On Fintech and Financial Inclusion
The cost of financial intermediation has declined in recent years thanks to technological progress and increased competition. I document this fact and I analyze two features of new financial technologies that have stirred controversy: returns to scale, and the use of big data and machine learning. I argue that the nature of fixed versus variable costs in robo-advising is likely to democratize access to financial services. Big data is likely to reduce the impact of negative prejudice in the credit market but it could reduce the effectiveness of existing policies aimed at protecting minorities.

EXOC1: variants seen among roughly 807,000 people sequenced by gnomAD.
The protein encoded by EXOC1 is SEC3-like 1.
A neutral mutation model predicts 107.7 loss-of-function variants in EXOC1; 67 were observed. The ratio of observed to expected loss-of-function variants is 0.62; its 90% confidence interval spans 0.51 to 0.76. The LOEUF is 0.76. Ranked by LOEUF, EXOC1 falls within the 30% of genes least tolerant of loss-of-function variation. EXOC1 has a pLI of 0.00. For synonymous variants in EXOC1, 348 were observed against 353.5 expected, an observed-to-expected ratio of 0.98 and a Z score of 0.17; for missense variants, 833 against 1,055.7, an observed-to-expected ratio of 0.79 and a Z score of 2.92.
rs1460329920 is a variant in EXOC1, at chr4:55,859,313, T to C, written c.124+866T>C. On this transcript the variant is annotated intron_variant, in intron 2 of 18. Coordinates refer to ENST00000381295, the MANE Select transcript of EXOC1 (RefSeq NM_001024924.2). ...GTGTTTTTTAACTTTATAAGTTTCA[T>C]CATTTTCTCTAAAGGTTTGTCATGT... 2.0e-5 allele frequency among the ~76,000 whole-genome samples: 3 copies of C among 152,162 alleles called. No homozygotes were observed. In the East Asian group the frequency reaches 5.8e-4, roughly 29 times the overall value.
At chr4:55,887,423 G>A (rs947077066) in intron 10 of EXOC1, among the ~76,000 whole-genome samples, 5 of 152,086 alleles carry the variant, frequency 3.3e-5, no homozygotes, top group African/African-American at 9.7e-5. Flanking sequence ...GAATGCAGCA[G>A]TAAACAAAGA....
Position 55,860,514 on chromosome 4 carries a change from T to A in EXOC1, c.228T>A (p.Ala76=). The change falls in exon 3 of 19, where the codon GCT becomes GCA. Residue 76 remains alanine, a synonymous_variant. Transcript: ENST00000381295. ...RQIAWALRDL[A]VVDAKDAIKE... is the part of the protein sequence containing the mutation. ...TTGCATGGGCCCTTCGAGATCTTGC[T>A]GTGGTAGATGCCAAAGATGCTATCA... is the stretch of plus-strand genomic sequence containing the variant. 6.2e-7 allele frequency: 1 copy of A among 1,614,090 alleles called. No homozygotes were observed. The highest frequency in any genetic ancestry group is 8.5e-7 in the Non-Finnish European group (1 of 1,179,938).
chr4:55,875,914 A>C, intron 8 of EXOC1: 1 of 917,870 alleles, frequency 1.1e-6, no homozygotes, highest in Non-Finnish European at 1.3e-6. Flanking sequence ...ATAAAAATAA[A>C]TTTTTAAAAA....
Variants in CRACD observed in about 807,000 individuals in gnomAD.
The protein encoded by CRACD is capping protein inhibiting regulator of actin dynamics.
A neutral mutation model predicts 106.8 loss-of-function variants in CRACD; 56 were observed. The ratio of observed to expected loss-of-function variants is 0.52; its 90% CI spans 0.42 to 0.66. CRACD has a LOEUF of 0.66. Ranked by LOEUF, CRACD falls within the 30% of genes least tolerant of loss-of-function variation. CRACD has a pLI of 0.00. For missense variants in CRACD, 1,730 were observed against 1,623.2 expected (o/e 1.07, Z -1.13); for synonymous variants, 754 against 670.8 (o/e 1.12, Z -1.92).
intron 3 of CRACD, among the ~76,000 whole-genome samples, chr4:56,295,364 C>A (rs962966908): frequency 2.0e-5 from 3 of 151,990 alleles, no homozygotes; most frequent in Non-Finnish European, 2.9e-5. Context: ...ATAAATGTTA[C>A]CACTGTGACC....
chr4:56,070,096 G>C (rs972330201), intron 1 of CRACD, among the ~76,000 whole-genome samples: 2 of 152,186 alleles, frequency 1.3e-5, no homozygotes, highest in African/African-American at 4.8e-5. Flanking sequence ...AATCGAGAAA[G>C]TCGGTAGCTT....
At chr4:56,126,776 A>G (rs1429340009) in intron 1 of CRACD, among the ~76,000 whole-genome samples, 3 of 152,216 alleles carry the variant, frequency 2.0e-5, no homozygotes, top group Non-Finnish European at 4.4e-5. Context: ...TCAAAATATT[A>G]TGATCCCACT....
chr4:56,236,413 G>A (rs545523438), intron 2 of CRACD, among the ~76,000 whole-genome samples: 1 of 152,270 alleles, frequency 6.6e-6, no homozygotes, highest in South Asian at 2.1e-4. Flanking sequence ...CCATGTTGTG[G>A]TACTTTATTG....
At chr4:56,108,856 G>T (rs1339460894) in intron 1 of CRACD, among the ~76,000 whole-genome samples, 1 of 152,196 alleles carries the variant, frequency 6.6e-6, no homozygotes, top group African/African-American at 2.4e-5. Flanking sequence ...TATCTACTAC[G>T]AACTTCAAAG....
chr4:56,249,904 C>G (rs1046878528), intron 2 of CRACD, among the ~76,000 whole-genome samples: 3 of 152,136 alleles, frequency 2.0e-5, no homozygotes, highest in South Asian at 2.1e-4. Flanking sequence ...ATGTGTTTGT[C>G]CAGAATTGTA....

This paper was prepared for the 2019 BIS Annual Research Conference. I am grateful to my discussants Manju Puri and David Dorn, to Hyun Shin, Marina Niessner, and participants at the 2019 BIS Annual Research Conference. I thank Marcos Sonnervig for outstanding research assistance. The views expressed herein are those of the author and do not necessarily reflect the views of the National Bureau of Economic Research.